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JUNE SUCKER LISTING RECOVERY PROGRAM ACHIEVING RECOVERY ABOUT JUNE SUCKER UTAH LAKE
 
UTAH LAKE:  Nonnative Fish Community
         
 
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Native Fish Communtiy
 
Nonnative Fish Community
 
Water Management
 
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Other Threatened Utah Lake Basin Species
 
Shallow Lake Ecology
 




 
>   Recovery Program researchers collaborate with local fishermen to study Utah Lake's carp population. Intentionally introduced in 1886, today carp dominate the Utah Lake fish community and are a threat to June sucker recovery.

Photo courtesy of the Daily Herald

In the past 100 years, 24 species have been mixed with the native fish of Utah Lake. These new species include the common carp, largemouth bass, black bullhead, channel catfish, walleye, white bass and others.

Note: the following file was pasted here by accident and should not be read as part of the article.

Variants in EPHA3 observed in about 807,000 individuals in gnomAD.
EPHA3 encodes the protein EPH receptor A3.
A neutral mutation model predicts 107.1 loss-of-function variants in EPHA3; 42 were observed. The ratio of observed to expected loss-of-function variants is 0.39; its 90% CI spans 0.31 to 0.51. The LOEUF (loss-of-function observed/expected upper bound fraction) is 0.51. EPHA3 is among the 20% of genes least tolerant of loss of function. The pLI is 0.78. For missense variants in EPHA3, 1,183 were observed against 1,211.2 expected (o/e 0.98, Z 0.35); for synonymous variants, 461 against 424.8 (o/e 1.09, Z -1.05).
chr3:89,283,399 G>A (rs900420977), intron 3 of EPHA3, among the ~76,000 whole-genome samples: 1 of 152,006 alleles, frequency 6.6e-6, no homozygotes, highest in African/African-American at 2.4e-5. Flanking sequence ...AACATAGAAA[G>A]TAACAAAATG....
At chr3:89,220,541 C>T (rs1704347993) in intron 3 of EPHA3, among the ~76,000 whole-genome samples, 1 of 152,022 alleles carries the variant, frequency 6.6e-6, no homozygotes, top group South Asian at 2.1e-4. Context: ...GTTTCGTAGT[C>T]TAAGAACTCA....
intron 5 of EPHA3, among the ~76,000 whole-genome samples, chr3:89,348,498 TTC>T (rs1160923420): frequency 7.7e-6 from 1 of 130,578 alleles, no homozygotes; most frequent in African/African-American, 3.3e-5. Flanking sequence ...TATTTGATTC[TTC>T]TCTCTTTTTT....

In the 1880s carp were introduced to Utah Lake to replace the dwindling number of native fish including Bonneville cutthroat trout and to provide locals with a hardy fish that was a popular food in other areas of the world. The carp had long-lasting, negative impacts on the lake and its native fish community because they destroyed cover that provided protection for small fish from their predators. The carp's aggressive foraging habits eventually destroyed the pondweed on the surface and the plant life on the lake floor. This directly impacted the native fish population. Carp also reproduce and grow faster than June sucker. Because June sucker grow slower, they remain vulnerable to predators longer. Carp currently comprise more than 90 percent of the biomass (weight) of fish in the lake.

>   This Salt Lake Tribune article dated August 24, 1901, tells the story of how trout and other native fish of Utah Lake suffered because of destructive carp.

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